PART I OF TWO PART SERIES ON NUTRITION IN SPORT. The International Society of Sports Nutrition (ISSN) issued a position paper outlining its stand on protein and exercise. It states the ISSN “provides an objective and critical review related to the intake of protein for healthy, exercising individuals. Based on the current available literature, the position of the Society is as follows:” (see the full article for details).
The full article is dense with information, and for those interested in this topic makes for fascinating reading.
The Earned Runs interpretation below, attempts to give you the ‘meat’ of the scientific message:
60kg (~132 pounds) = 84-120-180g total protein/ day
By this scientific advice it seems that the most effective strategy for building muscle during hard training, in which muscle is purposely damaged and repaired is to 1) increase protein intake according to demand (by bodyweight and intensity of training), 2) deliver it to the tissues at regular intervals during the day, 3) spike the process at night by adding a pre-sleep meal.
To ensure that the variety and type of essential building blocks needed to make and repair muscle are present in protein sources ingested at each dose/meal the 4) sources should be whole foods when possible. 5) Supplements may be required to obtain the required high quality protein doses and keep calorie intake reasonable.
The nutrition prescription of the ISSN translates into a large amount of protein to ingest daily. A fair amount of effort is required to get dosage and quality just right AND to have it available in portable or convenient form. From personal experience and in talking to a few others trying to boost intake of high quality protein each day, anecdotally some patterns seem to emerge in the implementation of this advice.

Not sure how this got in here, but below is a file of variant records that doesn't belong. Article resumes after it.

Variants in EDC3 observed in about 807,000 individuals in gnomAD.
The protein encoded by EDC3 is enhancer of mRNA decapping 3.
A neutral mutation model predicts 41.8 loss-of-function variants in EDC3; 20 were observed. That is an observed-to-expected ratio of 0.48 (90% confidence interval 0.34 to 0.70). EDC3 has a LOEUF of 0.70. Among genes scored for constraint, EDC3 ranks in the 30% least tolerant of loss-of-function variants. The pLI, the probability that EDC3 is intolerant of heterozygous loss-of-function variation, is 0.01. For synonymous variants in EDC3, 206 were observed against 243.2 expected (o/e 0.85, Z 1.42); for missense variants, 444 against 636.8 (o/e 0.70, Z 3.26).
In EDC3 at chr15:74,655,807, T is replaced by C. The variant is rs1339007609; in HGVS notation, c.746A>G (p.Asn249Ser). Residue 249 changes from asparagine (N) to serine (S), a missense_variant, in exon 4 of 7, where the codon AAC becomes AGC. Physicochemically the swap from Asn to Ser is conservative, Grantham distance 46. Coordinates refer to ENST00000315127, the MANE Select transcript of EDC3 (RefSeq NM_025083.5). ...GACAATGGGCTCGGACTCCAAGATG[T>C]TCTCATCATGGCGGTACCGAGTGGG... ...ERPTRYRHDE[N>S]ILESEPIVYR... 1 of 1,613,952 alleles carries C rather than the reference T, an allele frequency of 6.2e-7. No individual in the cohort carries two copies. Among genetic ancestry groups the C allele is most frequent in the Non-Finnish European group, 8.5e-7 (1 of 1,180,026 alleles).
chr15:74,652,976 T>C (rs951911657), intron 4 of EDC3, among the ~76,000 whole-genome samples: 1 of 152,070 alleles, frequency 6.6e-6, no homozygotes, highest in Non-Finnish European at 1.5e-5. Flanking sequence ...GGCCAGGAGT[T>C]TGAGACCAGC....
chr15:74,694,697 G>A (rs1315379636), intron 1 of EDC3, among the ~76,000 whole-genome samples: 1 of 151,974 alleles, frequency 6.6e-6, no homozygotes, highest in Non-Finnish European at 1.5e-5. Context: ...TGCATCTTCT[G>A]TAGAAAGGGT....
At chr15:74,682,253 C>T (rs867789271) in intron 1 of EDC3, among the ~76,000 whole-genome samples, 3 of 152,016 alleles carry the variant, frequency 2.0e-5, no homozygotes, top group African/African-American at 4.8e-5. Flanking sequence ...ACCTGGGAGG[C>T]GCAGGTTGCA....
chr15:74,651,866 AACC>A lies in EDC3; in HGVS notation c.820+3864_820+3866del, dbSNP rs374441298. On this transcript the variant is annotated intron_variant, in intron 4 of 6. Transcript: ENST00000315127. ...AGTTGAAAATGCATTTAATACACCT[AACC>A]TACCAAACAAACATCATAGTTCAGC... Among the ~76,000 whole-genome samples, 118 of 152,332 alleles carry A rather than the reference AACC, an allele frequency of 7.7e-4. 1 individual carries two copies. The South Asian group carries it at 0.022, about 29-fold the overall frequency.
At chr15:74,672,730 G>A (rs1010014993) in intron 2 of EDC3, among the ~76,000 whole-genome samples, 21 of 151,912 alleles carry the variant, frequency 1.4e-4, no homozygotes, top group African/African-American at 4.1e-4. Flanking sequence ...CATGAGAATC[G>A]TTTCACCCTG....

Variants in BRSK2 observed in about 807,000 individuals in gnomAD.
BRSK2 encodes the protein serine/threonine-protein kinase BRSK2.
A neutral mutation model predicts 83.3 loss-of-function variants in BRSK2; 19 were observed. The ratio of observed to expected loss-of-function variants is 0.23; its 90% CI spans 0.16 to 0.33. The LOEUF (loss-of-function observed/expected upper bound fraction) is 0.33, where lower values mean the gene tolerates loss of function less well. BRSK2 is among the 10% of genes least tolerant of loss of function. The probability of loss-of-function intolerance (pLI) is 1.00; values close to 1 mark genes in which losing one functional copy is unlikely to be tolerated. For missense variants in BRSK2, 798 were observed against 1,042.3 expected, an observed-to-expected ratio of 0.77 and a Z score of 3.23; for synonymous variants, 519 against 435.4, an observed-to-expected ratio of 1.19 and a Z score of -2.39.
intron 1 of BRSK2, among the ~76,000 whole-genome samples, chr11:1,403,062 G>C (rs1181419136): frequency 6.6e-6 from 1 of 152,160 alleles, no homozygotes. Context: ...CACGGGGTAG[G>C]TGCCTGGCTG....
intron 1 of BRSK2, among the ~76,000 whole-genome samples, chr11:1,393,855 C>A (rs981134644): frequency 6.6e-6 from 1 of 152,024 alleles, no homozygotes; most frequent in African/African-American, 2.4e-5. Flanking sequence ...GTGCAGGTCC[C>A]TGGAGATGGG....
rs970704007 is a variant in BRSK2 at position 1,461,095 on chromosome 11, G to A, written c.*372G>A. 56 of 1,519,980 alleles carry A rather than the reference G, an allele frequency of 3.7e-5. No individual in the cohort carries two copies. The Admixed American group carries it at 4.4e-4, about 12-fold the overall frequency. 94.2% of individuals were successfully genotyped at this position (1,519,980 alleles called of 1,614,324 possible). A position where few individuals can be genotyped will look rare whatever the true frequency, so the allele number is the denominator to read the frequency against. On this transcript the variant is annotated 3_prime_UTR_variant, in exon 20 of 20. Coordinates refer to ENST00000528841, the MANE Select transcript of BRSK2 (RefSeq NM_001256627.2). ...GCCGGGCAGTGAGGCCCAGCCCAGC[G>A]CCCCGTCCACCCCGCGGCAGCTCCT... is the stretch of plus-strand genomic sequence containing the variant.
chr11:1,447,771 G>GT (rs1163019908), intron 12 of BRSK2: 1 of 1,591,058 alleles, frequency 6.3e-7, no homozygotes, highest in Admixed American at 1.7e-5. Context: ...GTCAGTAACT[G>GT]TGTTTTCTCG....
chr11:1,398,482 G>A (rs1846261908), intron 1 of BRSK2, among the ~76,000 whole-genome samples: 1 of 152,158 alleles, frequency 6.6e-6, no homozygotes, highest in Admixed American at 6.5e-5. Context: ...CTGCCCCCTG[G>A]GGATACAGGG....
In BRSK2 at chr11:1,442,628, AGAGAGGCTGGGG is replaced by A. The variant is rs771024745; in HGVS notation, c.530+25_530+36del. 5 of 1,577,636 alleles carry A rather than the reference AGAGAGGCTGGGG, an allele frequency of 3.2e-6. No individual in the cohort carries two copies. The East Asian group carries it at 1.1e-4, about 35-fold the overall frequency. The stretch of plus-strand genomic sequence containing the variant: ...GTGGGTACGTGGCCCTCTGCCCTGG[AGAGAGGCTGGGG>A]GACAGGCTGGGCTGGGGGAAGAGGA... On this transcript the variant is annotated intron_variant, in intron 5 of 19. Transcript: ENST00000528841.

Certain go-to items tend to be repeated daily in a high-quality-pro menu: Greek yogurt, cottage cheese, eggs, lower-fat cheeses, cooked chicken breast, and canned fish. Burger patties separated from fast food sandwiches help with on-the–hoof lunches. Advance planning and DIY work can allow the regular inclusion of beans and other plant protein sources although the quality may not be as high found in animal sources.
As far as supplements go, a daily high protein drink containing easily digestible whey and/or casein based proteins might find its way into the mix. Protein bars can work if the calories won’t bust a weight-maintenance budget. Nut butters are frequently hailed as great protein sources, but the ratio of protein-to-calories is rather low and the accompanying fat make them higher calorie treats rather than dietary staples.
Although the total day’s intake may represent a variety of sources, weekday-after-weekday it becomes easiest to repeat the go-to foods. The weekends provide opportunities for expanding food selections.
Consider making some dietary changes to increase protein intake if you are performing strength work most days of the week in addition to aerobic sessions. If a training plan is designed to prepare you for a race or event for which you are not currently capable of handling, you may benefit from having the necessary nutrients to repair and maintain the muscles you are exercising.
Another reason to adopt a high protein diet might to change body composition, the topic of next week's SCIENCE FRIDAy post, Part II in this Series on NUTRITION IN SPORT.
*Foods high in leucine:
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EARNED RUNS is edited and authored by me, runner and founder. I began participating in road races before 5Ks were common. I've been a dietitian, practiced and taught clinical pathology, and been involved with research that utilized pathology. I am fascinated with understanding the origins of disease as well as health.
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